[Grok-dev] Re: An untapped area..?

Jeff Shell eucci.group at gmail.com
Wed Jan 23 10:51:32 EST 2008

On Jan 23, 2008 4:09 AM, Martijn Faassen <faassen at startifact.com> wrote:
> Hey,
> Jeff Shell wrote:
> [snip]
> > I know that I couldn't have done any of my recent projects in Grok, or
> > just about anything else besides Zope 3. Those projects are large
> > beasts, although many started out small. As cranky as I can get having
> > to type out ZCML and some of the other long-winded stuff just to get
> > something seemingly simple going, I appreciate the hell out of it due
> > to what we've been able to build and deliver.
> Why do you think you can't have done them with Grok? I'm really curious;
> after all it's typically possible to reach exactly the same
> configuration state using Grok.

There are three major layers - a CMS (like Plone, but not like Plone),
a vertical market collection of packages, and an additional set of
plug-ins. That's all on top of Zope 3, and before we get to the actual

There are a lot of resources and resource-library setups. There are a
few overrides (the IWriteFile adapters for zope.app.file objects are
incredibly stupid and broken). There are a couple of major and
different Skin layers. It's a big system.

Big systems go through a lot of refactorings. This one certainly has.
It didn't take me long to run into a surprise when I tried to do a
simple "Extract Class" kind of refactoring in a small Grok application
I was trying. As someone who's had to explain why ``<dtml-var
full_name>`` works fine while ``<dtml-var name>`` doesn't, I'm
sympathetic to the anguish that forgotten conventions can cause. And
again, I think this mostly happens when things get to be large scale,
both in code size and in team size. "But I just moved this class to a
different module and now I'm getting this funny error..." "Oh, for
that kind of class you have to do grok.baseclass()" "Oh, Grok was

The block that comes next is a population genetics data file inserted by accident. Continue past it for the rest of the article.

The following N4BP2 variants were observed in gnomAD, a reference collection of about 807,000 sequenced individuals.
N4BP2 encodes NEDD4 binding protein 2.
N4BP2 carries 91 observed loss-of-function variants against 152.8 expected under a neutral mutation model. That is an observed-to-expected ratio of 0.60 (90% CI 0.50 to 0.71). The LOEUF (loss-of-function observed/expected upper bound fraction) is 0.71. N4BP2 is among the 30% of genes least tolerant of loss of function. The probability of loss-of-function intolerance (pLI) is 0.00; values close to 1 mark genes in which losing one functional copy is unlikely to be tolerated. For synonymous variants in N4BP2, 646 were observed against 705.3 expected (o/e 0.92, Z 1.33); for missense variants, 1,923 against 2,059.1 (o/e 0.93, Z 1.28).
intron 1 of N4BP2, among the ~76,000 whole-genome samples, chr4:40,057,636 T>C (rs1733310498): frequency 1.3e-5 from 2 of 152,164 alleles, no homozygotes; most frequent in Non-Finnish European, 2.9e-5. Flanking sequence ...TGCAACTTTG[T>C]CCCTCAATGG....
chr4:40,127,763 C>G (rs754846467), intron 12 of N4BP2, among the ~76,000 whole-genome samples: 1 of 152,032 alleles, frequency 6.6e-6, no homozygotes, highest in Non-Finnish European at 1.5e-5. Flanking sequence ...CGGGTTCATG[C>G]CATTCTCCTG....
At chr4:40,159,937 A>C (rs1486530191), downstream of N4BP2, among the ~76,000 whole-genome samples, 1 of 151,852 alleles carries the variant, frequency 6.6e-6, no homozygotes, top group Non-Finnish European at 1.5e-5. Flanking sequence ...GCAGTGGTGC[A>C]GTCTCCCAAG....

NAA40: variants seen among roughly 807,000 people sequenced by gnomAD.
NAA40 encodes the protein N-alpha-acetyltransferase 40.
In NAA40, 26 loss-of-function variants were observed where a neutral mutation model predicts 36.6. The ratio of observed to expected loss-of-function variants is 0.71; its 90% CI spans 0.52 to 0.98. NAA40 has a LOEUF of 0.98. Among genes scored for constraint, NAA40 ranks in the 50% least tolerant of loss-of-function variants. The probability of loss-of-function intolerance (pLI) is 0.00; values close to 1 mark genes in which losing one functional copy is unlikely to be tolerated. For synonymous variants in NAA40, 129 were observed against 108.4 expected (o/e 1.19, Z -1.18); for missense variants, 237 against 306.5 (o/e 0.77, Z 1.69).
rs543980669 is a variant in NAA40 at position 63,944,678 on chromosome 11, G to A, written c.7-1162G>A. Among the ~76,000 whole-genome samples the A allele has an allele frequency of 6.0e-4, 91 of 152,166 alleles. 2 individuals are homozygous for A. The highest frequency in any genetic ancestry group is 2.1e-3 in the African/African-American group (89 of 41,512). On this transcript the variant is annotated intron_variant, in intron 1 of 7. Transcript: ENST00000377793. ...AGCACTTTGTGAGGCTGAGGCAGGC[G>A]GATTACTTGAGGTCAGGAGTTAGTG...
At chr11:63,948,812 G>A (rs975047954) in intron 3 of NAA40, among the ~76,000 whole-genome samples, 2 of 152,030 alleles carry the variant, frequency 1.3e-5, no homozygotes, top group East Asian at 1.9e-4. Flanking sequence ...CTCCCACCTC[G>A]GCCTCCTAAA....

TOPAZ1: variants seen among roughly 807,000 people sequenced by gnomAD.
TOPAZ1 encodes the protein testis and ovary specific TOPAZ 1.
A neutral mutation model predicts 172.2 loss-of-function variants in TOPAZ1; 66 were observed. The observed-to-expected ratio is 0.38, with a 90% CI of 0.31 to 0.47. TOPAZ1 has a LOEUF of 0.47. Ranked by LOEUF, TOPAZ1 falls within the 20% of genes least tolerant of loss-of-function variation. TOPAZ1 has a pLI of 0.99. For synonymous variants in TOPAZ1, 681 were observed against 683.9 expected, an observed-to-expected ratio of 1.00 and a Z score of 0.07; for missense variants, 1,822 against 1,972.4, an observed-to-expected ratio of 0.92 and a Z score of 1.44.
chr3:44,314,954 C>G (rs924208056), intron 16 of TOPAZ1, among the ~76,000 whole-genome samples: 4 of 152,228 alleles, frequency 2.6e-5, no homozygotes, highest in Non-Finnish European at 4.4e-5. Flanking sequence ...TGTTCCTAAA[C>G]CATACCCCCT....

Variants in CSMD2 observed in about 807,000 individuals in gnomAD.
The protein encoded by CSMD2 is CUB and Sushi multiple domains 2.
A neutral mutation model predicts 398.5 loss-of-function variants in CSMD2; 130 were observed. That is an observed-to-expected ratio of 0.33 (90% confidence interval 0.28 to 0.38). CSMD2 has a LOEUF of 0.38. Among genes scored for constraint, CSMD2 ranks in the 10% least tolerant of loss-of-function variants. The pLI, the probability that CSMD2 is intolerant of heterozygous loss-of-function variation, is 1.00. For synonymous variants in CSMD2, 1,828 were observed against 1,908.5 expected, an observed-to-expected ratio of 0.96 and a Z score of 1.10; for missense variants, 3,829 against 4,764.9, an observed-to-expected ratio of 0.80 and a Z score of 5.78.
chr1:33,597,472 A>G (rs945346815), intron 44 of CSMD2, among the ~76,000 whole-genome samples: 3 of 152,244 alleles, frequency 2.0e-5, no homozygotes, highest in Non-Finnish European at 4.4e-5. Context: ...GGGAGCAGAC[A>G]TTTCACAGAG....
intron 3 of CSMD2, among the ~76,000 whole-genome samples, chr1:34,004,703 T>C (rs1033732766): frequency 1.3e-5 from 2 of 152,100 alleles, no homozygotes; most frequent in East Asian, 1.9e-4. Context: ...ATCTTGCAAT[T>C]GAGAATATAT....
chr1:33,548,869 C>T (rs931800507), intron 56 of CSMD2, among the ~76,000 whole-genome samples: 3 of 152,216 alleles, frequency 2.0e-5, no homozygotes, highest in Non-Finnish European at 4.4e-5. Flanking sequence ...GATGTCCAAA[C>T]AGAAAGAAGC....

picking up a context automatically before, but now it isn't. you have
to explicitly set it."

I've maintained enough of these big systems through the years to see
conventions go forgotten, and have seen new batches of developers
struggle with the surprises.

So when I have such a big core framework, used by multiple customer
sites/applications, that I hope to have last for years and years, I
personally like to turn all the magic off.

That's not a knock against the design or aims of Grok. I just would
not be comfortable using that in this situation. I have too many bad
memories from Zope 2 (I have a lot of great memories too, but I
remember some bare knuckle fights as the system and I'd clash when
it's DWIM did not do what I meant).

In fact, I'd like to our end-point applications using Grok at some
point, as that's the area where I hope new hires will do most of the
work and I'd like for the system to be a lot easier for them to learn,
run, and maintain.

> > The area that I'm unsure of is what happens when someone grows beyond
> > what Grok makes easy. Because very few things stay small and simple
> > for long.
> Examples? Grok can do views, adapters, multiadapters, local and global
> utilities, layers, skins, and just about anything Zope 3 can. Soon
> enough, viewlets. The only thing that Grok doesn't do out of the box is
> content-level security. Someone could add it though - I don't see it as
> a major project.

I worry more about not what Grok can do, but where it will suddenly
surprise you. There just comes a time when conventions feel like